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Alumna overcomes 'block' to create award-winning LGBTQ film


by Ciara Brennan ('17)

 
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SUMMARY: Carrie Brennan ('16) wrote, produced and acted in the award-winning independent film BLOCK, which details her experience coming out as gay after graduating from JMU.


In the opening scene of BLOCK, Kit O'Brian sits behind the wheel of her car and belts out the lyrics to Natalie Cole’s This Will Be (An Everlasting Love). She pauses the song, sends a message on Snapchat, then resumes her voice-cracking attempt at matching Cole’s soprano. 

“I love slice-of-life movies,” said LGBTQ filmmaker Carrie Brennan (’16), who plays Kit. “They make everyday things cinematic, and that’s what’s so relatable.” 

BLOCK is Brennan’s story. The award-winning independent film, which she wrote, produced and acted in, details her experience coming out as gay after graduating from JMU. Brennan believes wholeheartedly in the power of storytelling, a conviction that carried her through four years of behind-the-scenes work in hopes of reaching just one person suffering in silence.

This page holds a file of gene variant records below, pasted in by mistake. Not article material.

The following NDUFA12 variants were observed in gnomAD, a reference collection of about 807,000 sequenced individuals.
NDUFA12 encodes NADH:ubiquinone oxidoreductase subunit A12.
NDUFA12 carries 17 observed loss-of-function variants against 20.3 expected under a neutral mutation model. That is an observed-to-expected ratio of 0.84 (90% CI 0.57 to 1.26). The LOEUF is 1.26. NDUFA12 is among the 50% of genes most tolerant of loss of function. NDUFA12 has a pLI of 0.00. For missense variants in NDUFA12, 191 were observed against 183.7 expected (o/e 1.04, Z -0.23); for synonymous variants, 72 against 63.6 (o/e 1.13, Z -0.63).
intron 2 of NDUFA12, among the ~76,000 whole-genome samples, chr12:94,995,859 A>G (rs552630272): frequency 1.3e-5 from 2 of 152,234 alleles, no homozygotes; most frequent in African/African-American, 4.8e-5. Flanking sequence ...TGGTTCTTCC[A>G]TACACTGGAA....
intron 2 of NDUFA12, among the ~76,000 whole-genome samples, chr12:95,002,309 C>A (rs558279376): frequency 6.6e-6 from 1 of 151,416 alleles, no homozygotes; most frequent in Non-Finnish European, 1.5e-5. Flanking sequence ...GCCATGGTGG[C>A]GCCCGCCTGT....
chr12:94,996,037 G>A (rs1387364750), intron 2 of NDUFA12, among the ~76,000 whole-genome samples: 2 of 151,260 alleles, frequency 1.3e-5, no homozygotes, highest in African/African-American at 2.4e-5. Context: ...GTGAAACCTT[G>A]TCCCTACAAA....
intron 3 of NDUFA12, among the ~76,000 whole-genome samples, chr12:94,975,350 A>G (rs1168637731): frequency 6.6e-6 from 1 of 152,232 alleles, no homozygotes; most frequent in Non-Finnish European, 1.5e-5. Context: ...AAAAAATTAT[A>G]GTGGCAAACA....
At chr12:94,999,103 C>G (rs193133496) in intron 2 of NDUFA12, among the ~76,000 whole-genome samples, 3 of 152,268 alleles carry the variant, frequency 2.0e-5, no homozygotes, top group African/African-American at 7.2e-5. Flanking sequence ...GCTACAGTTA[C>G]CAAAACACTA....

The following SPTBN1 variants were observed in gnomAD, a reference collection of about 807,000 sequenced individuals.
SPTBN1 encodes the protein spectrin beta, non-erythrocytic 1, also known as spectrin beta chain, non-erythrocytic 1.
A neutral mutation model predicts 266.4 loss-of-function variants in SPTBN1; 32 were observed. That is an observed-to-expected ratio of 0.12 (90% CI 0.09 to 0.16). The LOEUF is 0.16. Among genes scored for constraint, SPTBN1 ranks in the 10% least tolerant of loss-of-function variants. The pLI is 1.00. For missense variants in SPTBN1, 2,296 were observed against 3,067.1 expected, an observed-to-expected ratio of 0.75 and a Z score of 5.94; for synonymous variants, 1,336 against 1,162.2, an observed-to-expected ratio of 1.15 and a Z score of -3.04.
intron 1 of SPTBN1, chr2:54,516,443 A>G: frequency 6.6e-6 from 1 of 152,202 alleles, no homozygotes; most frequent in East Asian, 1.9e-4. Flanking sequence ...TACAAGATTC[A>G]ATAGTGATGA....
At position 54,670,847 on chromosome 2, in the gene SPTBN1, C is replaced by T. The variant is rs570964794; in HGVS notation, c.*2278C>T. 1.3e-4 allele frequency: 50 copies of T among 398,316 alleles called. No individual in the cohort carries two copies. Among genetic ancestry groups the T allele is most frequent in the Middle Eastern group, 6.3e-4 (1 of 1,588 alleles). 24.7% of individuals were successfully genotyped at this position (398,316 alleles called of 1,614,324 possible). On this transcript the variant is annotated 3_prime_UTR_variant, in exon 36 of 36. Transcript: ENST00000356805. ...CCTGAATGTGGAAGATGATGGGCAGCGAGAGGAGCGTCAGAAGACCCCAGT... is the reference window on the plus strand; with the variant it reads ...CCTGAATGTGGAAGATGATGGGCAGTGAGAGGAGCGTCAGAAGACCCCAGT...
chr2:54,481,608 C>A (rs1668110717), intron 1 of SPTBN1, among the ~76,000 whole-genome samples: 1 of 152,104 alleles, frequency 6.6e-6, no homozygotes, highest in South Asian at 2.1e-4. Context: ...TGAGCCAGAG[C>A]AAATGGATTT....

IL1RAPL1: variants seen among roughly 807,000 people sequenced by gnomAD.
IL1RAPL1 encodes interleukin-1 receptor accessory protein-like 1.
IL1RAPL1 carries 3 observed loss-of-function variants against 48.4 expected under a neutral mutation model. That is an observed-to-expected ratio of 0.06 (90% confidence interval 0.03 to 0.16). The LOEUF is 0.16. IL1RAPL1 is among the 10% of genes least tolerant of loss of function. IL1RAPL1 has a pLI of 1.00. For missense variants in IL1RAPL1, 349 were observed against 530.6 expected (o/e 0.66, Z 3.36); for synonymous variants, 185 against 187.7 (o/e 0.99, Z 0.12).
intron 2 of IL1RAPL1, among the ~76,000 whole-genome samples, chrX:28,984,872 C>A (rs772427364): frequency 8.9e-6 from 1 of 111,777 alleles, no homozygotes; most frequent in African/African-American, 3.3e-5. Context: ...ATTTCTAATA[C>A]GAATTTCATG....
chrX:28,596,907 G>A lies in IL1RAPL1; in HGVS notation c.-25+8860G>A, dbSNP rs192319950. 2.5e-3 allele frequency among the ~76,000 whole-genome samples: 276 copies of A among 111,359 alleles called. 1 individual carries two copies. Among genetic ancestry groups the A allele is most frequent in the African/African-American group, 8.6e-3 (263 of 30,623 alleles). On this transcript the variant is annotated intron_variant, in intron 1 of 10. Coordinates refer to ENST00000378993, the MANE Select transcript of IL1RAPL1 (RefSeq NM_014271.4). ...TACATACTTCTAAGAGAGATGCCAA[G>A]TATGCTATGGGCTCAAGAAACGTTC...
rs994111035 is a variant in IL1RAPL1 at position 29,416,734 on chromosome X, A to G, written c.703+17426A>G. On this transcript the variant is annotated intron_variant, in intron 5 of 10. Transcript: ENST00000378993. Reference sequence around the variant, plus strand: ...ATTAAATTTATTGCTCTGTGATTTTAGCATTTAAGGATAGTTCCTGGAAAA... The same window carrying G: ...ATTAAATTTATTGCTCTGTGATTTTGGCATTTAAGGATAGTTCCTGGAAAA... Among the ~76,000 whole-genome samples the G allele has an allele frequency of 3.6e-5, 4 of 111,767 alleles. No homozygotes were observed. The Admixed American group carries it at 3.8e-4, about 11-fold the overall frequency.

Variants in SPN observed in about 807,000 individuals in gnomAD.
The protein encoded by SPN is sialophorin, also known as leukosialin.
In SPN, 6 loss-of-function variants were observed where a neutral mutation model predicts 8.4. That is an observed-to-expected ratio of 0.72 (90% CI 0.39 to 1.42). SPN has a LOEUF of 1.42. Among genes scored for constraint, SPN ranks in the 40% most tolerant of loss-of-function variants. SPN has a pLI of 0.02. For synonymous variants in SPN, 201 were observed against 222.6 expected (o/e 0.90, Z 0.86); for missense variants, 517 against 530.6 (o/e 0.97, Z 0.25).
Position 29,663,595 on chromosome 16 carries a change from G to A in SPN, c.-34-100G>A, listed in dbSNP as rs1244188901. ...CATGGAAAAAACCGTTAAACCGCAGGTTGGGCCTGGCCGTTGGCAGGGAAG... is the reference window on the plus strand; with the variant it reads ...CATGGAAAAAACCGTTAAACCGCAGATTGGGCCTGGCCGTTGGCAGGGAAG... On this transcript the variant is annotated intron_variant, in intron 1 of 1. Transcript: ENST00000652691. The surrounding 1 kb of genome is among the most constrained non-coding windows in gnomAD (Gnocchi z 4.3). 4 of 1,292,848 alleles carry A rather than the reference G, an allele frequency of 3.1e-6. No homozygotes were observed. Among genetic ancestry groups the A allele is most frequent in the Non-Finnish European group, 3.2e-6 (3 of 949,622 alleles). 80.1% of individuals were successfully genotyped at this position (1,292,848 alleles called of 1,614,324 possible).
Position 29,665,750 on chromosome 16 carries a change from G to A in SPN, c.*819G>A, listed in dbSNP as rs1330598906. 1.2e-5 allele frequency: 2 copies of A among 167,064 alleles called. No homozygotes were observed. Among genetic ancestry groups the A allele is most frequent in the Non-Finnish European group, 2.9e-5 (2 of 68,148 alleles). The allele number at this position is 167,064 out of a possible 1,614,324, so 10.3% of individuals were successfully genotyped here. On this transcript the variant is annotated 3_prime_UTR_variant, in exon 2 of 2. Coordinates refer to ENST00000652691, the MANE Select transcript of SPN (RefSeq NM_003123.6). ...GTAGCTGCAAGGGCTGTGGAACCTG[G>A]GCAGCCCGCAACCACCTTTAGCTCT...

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BLOCK was filmed in Brennan's hometown of West Chester, Pennsylvania.

At JMU, “I got into acting from a very vulnerable place,” Brennan said. Despite her larger-than-life demeanor, the communication studies major carried a sinking feeling that she wasn’t living authentically.  

Even in her sessions at the JMU Counseling Center, she wasn’t ready to come out. “I literally couldn't even touch that area because there was so much shame and internal homophobia. I was so freaked out of even the idea that I could be gay,” Brennan said. Instead, she decided “I’m just going to pour everything I am into acting and getting famous. I'll be loved by everyone, and I'll be okay to be who I am. It was a totally outward approach, but it was all I could hang onto during that time in my life.” 

She auditioned for every student film she could and—inspired by Broad City writers and lead actors Abby Jacobsen and Illana Glazer—often wrote herself into scripts. "My shtick was really comedies,” she said. “I thought that the best actors were ... very loud and funny and charismatic.”